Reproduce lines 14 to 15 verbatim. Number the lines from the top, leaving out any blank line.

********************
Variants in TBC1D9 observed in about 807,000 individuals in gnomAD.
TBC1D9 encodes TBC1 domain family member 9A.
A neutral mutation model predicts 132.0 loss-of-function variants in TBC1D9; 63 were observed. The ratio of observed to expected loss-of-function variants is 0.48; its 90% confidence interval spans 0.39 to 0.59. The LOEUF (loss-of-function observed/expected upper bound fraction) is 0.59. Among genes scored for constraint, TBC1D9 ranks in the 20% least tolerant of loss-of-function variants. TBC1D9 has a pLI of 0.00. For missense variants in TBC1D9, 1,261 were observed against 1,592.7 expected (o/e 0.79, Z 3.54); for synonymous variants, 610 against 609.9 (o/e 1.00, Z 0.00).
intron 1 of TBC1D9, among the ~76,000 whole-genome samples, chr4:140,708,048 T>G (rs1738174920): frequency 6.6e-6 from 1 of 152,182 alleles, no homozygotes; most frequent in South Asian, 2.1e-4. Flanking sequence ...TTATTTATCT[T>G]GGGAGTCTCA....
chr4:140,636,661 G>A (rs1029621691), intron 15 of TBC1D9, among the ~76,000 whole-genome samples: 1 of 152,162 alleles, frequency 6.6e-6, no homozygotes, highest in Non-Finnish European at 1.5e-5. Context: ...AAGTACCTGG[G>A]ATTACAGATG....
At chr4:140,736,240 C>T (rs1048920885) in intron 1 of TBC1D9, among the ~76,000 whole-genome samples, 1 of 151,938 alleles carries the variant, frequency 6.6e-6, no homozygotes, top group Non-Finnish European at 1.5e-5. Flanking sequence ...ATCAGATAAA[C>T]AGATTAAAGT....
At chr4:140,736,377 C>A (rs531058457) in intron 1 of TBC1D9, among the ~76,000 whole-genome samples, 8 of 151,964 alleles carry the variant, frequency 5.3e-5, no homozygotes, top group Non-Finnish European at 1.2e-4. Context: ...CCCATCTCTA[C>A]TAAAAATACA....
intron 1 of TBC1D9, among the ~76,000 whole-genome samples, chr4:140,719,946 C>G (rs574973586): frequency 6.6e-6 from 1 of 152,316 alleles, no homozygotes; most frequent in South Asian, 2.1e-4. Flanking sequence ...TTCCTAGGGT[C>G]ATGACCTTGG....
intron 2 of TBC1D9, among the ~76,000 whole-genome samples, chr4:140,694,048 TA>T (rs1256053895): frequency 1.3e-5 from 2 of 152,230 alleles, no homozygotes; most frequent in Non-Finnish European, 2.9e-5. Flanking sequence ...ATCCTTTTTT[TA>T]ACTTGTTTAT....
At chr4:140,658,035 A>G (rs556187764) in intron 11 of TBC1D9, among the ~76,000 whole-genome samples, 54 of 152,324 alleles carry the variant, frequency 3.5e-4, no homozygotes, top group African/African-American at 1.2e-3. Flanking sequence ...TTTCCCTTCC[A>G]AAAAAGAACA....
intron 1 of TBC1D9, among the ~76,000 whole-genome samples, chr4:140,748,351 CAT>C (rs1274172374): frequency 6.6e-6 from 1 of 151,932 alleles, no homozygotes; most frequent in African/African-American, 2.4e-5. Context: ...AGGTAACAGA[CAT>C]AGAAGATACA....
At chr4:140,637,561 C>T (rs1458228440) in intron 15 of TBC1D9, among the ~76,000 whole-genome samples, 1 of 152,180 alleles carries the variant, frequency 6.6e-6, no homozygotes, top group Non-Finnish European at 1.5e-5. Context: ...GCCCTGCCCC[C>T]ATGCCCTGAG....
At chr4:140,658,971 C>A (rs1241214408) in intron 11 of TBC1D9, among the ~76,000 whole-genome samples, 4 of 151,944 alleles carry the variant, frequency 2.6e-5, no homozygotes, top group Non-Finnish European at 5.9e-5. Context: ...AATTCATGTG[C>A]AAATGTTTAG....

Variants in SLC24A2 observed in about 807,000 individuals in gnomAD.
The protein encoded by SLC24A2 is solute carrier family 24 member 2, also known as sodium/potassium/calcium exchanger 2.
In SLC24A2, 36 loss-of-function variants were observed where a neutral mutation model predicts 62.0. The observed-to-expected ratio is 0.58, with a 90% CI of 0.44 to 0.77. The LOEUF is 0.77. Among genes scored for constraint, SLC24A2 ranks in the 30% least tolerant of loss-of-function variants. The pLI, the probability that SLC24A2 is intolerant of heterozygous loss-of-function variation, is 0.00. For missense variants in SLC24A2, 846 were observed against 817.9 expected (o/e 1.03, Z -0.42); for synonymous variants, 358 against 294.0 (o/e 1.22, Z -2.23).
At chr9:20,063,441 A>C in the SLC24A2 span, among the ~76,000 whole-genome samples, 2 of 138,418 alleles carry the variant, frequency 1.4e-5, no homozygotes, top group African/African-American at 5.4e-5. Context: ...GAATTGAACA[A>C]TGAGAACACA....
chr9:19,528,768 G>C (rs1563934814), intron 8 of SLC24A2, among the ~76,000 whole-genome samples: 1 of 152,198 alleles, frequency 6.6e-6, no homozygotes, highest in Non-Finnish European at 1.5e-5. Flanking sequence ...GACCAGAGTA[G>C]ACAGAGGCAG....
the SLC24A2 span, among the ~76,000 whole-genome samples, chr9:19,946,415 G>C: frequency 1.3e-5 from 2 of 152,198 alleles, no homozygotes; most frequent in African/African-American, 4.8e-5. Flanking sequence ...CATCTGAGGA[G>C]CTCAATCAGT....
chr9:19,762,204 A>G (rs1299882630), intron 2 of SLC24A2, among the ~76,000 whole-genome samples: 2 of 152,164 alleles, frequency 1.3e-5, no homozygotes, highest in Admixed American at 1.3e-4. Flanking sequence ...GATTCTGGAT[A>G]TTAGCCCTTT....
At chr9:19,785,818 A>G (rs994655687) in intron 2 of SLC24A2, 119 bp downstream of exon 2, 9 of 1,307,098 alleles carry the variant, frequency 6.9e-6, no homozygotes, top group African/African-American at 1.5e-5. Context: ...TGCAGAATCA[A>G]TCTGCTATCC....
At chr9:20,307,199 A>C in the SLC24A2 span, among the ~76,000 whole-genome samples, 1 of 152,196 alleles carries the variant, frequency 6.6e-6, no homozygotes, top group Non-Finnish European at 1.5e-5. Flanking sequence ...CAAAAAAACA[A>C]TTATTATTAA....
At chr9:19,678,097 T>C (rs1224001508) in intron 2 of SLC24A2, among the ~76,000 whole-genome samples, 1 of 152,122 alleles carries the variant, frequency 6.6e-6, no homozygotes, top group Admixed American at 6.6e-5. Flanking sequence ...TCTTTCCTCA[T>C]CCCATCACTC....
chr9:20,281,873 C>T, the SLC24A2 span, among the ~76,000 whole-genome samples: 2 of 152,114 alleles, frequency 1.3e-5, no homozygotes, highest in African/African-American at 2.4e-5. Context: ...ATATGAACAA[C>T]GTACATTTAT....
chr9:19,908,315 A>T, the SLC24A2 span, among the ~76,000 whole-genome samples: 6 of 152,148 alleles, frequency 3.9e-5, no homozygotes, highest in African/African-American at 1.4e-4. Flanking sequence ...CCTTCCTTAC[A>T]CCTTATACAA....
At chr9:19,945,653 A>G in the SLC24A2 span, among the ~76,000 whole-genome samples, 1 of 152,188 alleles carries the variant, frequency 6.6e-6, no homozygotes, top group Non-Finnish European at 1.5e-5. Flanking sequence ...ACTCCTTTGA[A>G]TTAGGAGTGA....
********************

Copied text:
Variants in SLC24A2 observed in about 807,000 individuals in gnomAD.
The protein encoded by SLC24A2 is solute carrier family 24 member 2, also known as sodium/potassium/calcium exchanger 2.